I describe this as wholesome because the instinctive resort to place before the Court every input into the Parliamentary process has little value from the perspective of principle. The intention of Parliament is a theoretical abstraction and not a political reality. The business of Parliament is the making of laws and not the formation of intentions. To put the matter perhaps a little simplistically: if I am trying to work out whether a cake is chocolate cake or not I am not in any way assisted by being told that the baker put two cups of flour in it and thought that he was making a vanilla tart. The question always remains: is it a chocolate cake?
The approach in Project Blue Sky – with all its attendant strengths and weaknesses – was on display in one of the first cases to discuss the consolidated group provisions of the Income Tax Assessment Act 1997. As many of you will know deconsolidation from a consolidated group can give rise to a capital gains tax event approachably called CGT Event L5. The provisions involved are very complex but basically ask whether the net worth of the group is decreased upon the deconsolidation by the departing of the subsidiary which is ceasing to be 100 per cent owned. The moment of deconsolidation is called, in a phrase reminiscent I think of German romantic poetry, the leaving time. The taxpayer had structured its affairs in such a way that the deconsolidation occurred by means of a debt for equity swap and the question which arose was when did the debt become equity and did that happen at the leaving time or at some other anterior time. The case is Handbury Holdings Pty Ltd v Commissioner of Taxation (2009) 179 FCR 569which was decided by Justices Finn, Sundberg and myself.
The essential interpretative challenge was that the provisions simply did not work and could not be made to work. Neither the Commissioner’s position nor that of the taxpayer was capable of resolving all of the many logical inconsistencies thrown up by the legislation. The task at hand, therefore, guided by the principle that legislation should be construed as being as coherent as possible was to discover what the legislation “meant”. Had it been a literary work one might well have attributed its authorship to Franz Kafka. But it was not. Armed with the Vision Splendid enunciated in Project Blue Sky that what was presented was a harmonious whole the Court strove to find melody in the most cumbersome collection of chords. The solution was to adopt the least disharmonious construction. In that case, so the Court held, this involved embracing the Commissioner’s position.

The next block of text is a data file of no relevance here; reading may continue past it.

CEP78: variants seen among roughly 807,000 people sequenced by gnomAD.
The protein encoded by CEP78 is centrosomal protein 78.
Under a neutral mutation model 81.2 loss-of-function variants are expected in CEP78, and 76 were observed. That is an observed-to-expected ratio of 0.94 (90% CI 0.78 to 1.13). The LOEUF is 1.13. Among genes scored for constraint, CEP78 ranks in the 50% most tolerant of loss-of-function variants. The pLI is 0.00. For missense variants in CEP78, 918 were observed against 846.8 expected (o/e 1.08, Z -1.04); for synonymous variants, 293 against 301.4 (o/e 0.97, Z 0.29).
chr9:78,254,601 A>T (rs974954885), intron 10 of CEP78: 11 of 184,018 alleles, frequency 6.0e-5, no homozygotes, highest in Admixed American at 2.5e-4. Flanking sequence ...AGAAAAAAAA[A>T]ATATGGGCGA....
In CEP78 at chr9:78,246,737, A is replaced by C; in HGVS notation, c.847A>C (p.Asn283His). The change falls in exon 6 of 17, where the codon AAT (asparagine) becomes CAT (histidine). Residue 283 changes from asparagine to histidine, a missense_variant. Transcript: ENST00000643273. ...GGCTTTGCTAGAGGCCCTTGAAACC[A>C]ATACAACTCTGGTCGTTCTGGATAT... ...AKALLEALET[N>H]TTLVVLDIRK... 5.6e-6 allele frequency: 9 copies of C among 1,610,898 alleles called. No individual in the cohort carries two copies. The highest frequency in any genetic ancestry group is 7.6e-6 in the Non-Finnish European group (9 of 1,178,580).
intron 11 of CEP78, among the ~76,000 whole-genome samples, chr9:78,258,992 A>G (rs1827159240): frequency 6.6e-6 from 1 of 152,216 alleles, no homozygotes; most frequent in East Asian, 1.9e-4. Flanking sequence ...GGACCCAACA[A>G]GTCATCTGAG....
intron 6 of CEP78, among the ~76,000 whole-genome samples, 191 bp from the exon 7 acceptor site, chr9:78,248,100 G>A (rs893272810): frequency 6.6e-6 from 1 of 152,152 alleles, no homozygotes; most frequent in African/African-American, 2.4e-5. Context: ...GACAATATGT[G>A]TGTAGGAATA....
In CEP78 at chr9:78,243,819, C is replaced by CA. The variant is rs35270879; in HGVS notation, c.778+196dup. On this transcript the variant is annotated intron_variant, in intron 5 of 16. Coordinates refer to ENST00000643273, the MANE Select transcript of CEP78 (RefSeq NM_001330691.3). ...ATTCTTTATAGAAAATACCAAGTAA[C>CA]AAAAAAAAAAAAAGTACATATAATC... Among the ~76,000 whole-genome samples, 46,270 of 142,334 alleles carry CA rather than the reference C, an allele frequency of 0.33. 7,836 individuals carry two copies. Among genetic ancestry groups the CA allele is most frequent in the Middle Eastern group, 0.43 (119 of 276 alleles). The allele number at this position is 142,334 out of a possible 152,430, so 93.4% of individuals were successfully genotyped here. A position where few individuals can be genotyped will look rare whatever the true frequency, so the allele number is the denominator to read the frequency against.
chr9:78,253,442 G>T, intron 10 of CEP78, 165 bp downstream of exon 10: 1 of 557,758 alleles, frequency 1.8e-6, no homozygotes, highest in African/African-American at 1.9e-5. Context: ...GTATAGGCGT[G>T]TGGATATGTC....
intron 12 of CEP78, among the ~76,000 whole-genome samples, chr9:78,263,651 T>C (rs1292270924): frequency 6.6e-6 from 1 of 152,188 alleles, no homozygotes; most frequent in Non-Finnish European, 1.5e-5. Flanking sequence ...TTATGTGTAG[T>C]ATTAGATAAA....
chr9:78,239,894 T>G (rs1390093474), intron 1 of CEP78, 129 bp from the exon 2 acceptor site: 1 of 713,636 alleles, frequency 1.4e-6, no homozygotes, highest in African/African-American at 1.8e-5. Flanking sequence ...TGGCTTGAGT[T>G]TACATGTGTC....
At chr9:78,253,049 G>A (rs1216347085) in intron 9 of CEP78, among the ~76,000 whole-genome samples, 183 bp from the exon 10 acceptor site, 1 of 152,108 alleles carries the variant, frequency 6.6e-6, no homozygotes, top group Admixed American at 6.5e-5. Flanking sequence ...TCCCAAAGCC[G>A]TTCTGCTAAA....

The Diophantine provisions governing CGT Event L5 provide a useful avenue for entry upon the second matter I wish to raise for your consideration. It concerns the question of complexity. Commonwealth legislation in general is simply far too complex. I am not the first person to say this by any means and I will not harp on the detail of it with which we are all sadly too familiar. Instead, I thought it might be useful to trace why this complexity is occurring and why, despite widespread dissatisfaction with it, the present form of legislative drafting not only appears to be persisting but to be growing in influence.
Part of the problem seems to be a desire to expunge from the law generally, and the tax laws in particular, elements of discretion. In saying that I am using the word discretion in a rather formal sense not to mean the exercise of discretionary powers as lawyers might understand that term but rather the discretion which exists in a judge interpreting vague or unclear terms in legislation. The great H.L.A. Hart in his landmark work The Concept of Law referred to these kind of provisions as open textured. More recently, Professor Endicott at Oxford has called such provisions “vague”5. I will use the terminology of vagueness which is a convenient one.
I will give an example to illustrate what I mean by it. A statute might provide that a person is not to engage in “unconscionable conduct” or that a notice is to be served within a “reasonable time”. These are statutory standards but their application unquestionably leaves a margin of discretion in their interpretation. No one suggests that in interpreting such provisions that a judge is engaging in judicial activism. Examples abound in the tax field. In its decision of St George v Commissioner of Taxation (2009) 176 FCR 424 the Full Court had to interpret the meaning of the well-known expression “losses or outgoings of a capital nature”. The same problem presents itself and those words leave open multiple interpretative choices.
I think that the theoretical position underlying the present practice of seeking to regulate everything is as follows. The existence of such vague provisions increases or at least appears to increase uncertainty. And uncertainty may itself lead to arbitrary exercises of power by unelected judges. Thus, to reduce the exercises of such arbitrary power the Parliament has to extirpate as much vagueness from the law as is possible. It is true that this is likely to augment rather than to diminish the length of legislation but this is a price which has to be paid for certainty and to save us from the blandishments of judicial law making.